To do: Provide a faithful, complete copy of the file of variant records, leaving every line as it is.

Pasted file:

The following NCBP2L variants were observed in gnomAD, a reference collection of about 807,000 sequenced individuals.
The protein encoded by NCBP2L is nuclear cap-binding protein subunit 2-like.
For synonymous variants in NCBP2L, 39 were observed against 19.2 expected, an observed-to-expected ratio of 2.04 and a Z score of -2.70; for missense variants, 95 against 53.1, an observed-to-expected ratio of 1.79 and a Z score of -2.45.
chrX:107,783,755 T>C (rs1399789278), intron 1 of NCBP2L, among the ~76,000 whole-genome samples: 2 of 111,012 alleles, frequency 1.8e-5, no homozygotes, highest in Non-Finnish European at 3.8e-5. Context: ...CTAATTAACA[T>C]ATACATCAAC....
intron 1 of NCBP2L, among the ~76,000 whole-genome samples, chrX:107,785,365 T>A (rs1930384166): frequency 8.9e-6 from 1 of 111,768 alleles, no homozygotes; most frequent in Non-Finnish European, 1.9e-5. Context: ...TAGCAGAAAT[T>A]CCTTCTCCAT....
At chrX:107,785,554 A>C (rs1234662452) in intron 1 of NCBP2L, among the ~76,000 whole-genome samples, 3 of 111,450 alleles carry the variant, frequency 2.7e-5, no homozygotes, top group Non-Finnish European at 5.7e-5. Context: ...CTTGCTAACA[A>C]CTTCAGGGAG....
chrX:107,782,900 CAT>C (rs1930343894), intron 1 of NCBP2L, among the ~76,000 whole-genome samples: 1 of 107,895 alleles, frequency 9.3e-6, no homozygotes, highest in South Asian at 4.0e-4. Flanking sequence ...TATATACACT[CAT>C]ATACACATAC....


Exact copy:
The following NCBP2L variants were observed in gnomAD, a reference collection of about 807,000 sequenced individuals.
The protein encoded by NCBP2L is nuclear cap-binding protein subunit 2-like.
For synonymous variants in NCBP2L, 39 were observed against 19.2 expected, an observed-to-expected ratio of 2.04 and a Z score of -2.70; for missense variants, 95 against 53.1, an observed-to-expected ratio of 1.79 and a Z score of -2.45.
chrX:107,783,755 T>C (rs1399789278), intron 1 of NCBP2L, among the ~76,000 whole-genome samples: 2 of 111,012 alleles, frequency 1.8e-5, no homozygotes, highest in Non-Finnish European at 3.8e-5. Context: ...CTAATTAACA[T>C]ATACATCAAC....
intron 1 of NCBP2L, among the ~76,000 whole-genome samples, chrX:107,785,365 T>A (rs1930384166): frequency 8.9e-6 from 1 of 111,768 alleles, no homozygotes; most frequent in Non-Finnish European, 1.9e-5. Context: ...TAGCAGAAAT[T>A]CCTTCTCCAT....
At chrX:107,785,554 A>C (rs1234662452) in intron 1 of NCBP2L, among the ~76,000 whole-genome samples, 3 of 111,450 alleles carry the variant, frequency 2.7e-5, no homozygotes, top group Non-Finnish European at 5.7e-5. Context: ...CTTGCTAACA[A>C]CTTCAGGGAG....
chrX:107,782,900 CAT>C (rs1930343894), intron 1 of NCBP2L, among the ~76,000 whole-genome samples: 1 of 107,895 alleles, frequency 9.3e-6, no homozygotes, highest in South Asian at 4.0e-4. Flanking sequence ...TATATACACT[CAT>C]ATACACATAC....